One Belt, One Road Could Put Significant Trade and Transaction Volumes Beyond the Reach of U.S. Law
Trade and investment between and among emerging and developing jurisdictions have gained in recent years. Such trade and investment flows will likely be reinforced by concerted efforts to develop new commerce channels that, given their pedigree, are detached from the U.S. dollar and financial system. The OBOR, as a significant non-U.S. dollar- and financial system-anchored trade and finance framework, if it materializes, would be the premier facilitator of such trade, finance and investment flows.
 A distinction should be made between the bases for, and the effects of, U.S. jurisdiction. In the case of the kind of U.S. dollar and financial system-tied jurisdiction discussed here, the basis for U.S. jurisdiction is territorial—transactions processed through the United States financial system “enter” U.S. territory. The effects are extraterritorial, to the extent that parties, property, and/or events outside of the United States are affected or implicated.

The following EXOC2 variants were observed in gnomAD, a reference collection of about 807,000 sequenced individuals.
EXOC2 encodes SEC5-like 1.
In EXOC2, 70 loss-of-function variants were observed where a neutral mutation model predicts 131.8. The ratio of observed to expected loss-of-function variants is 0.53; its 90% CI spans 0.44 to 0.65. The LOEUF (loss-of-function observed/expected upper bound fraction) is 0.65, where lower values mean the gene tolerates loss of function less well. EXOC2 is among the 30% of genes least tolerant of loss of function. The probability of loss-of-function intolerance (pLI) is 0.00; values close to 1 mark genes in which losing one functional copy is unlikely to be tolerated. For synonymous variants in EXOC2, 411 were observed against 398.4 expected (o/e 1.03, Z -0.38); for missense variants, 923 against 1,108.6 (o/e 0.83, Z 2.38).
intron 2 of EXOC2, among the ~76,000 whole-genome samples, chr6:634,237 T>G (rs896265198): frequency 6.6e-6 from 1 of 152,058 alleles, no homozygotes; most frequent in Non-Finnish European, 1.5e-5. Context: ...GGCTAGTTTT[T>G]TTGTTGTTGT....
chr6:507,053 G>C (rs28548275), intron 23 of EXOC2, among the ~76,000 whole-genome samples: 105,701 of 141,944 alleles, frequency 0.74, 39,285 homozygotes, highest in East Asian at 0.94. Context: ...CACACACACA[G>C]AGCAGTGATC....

Standard Chartered was fined twice. First, in 2012 by federal and New York authorities for sanctions, anti-money laundering and related violations. And second, in 2014, by the New York Department of Financial Services following the regulator’s determination that SCB had failed to remediate anti-money laundering compliance deficiencies identified in the 2012 actions. The 2012 and 2014 penalties total $977 million.
 The discussion of cases herein is concerned only with U.S. sanctions enforcement and relevant jurisdictional dimensions (not merits), and not with any anti-money laundering or derivative state law breaches. The enforcement of U.S. unilateral sanctions against non-U.S. parties is particularly controversial, given that unilateral sanctions arguably further U.S. policy objectives, rather than multilaterally agreed policies or the integrity of financial systems. While certainly interesting, these issues are beyond the scope of this publication.